This condition is sometimes identified as a feature of the Dunning-Kruger effect, a peculiarly distressing form of functional ignorance  observed by two Cornell psychologists.  Many of us seem not to be bothered by what we don’t know, overestimating our knowledge.  Dunning and Kruger found that “incompetent” individuals (those falling into the lowest quarter of knowledge on a subject) often failed to recognize their own lack of skill, failed to recognize the extent to which they were misinformed, and did not to accurately gauge the skills of others.  If you have an Uncle Fred who is certain that the President Obama was a Muslim who was born in Kenya, you have an idea of what kind of willful ignorance this represents.

Circumferance of the unknownThink of this pattern in an inverted sense: from the perspective of individuals who truly know what they are talking about.  For even the well-informed, the more they know about a subject, the larger the circumference of the borderlands that delineate the unknown.  That’s why those who have mastered a subject area are often the most humble about their expertise: their expanded understanding of a field gives them a sense of what they still don’t know.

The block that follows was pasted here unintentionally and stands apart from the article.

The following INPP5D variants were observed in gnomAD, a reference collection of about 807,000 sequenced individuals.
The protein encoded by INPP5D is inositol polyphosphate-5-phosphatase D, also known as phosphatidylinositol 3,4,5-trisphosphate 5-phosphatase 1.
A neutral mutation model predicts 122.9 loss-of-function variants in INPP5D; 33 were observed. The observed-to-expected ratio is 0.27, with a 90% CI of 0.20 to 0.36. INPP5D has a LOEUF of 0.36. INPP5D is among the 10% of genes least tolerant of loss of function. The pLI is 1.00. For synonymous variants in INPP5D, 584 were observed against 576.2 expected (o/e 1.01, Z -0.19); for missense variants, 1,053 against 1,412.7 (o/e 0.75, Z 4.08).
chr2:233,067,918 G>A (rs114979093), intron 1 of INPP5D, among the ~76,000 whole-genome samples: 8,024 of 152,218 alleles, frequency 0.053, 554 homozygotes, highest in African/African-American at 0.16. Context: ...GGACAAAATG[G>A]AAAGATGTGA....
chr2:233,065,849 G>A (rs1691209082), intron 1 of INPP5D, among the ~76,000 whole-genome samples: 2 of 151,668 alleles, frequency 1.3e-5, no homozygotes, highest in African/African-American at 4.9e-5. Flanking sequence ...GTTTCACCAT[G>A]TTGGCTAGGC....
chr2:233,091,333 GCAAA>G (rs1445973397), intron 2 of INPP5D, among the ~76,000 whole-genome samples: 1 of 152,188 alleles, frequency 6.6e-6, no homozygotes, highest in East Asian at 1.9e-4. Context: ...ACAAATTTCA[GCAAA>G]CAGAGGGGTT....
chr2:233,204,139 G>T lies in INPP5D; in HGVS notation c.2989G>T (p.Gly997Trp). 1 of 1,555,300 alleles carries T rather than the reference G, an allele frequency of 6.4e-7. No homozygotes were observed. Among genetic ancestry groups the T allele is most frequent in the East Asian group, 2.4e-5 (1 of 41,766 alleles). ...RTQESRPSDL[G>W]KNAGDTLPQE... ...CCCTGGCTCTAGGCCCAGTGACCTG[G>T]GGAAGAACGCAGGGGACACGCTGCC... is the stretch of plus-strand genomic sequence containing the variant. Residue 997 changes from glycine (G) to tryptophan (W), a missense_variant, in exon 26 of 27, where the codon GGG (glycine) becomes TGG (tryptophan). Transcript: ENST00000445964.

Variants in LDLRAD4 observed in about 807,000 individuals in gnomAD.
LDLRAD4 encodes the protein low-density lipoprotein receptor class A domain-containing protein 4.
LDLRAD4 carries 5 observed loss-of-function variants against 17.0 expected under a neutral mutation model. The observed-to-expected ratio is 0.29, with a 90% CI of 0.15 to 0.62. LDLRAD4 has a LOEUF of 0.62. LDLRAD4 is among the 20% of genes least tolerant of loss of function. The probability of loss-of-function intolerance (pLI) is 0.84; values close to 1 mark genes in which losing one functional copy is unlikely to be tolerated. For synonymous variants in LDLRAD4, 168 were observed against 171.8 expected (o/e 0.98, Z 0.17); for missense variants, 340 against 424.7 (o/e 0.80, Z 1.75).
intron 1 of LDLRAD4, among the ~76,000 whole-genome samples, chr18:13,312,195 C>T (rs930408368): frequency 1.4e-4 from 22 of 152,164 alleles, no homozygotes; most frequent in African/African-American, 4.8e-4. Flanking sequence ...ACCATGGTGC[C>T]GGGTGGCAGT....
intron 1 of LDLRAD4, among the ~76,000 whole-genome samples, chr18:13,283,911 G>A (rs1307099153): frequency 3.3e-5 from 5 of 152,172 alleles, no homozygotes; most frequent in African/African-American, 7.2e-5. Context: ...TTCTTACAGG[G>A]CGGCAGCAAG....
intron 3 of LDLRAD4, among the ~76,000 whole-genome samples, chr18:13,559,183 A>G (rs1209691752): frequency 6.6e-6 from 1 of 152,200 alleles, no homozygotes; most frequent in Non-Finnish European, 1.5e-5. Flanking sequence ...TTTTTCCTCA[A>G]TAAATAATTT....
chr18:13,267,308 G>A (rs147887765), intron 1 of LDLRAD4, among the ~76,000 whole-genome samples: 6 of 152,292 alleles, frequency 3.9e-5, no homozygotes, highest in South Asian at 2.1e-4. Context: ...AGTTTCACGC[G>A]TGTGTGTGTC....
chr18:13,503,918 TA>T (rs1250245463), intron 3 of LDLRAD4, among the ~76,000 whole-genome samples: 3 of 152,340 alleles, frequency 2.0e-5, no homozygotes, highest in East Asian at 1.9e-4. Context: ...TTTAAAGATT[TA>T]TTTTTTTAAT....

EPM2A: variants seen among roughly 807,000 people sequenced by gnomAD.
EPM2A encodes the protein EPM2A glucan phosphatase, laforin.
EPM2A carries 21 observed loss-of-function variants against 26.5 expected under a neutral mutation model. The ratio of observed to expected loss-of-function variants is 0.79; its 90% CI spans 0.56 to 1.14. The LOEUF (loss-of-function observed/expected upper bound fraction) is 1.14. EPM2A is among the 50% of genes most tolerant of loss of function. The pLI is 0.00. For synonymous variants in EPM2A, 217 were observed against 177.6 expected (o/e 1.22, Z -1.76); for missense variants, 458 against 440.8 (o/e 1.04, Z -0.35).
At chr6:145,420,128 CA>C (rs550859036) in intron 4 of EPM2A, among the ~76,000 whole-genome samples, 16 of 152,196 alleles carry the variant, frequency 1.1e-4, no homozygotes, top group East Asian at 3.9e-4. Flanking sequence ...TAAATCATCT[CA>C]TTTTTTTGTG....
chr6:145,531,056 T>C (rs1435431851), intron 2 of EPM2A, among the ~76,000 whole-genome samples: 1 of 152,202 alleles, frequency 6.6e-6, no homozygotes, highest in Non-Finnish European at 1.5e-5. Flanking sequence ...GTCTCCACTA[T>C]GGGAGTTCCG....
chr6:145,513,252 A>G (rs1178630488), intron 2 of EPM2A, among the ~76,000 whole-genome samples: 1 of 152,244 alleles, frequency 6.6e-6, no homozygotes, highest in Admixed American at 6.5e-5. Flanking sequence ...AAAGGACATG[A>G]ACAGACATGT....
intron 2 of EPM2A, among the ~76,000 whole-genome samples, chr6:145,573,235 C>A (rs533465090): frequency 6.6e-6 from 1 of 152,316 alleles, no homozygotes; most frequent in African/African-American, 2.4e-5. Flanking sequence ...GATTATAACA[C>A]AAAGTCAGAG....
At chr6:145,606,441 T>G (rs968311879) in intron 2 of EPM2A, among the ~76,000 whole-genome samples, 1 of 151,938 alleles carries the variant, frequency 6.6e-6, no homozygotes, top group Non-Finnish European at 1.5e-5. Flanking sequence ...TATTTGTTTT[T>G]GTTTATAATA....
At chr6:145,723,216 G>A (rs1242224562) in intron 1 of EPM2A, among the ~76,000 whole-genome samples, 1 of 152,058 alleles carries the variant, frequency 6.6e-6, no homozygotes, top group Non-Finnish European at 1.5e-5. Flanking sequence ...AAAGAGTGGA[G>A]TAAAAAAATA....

The key factor here is our distraction by all forms of media—everything from texting to empty-headed television programming—that leaves us with little available time to be contributing members of the community.   When the norm is checking our phones over 200 times a day, we have perhaps reached a tipping point where we have no time left to notice our own informational black holes.

With regard to the basics of membership in a society, the idea of citizenship should mean more.  In most elections cycles easily half of eligible voters will not bother to vote.  And even more will have no interest in learning about the candidates who want to represent them in Congress or their local legislatures.  Worst still, this has happened at a time when a President and many others have been captured by a reality-show logic that substitutes melodrama for more sober discussions of policy and governing best practices.  Put It altogether and too many of us don’t want notice that we have been captured by fantasies rather than truths.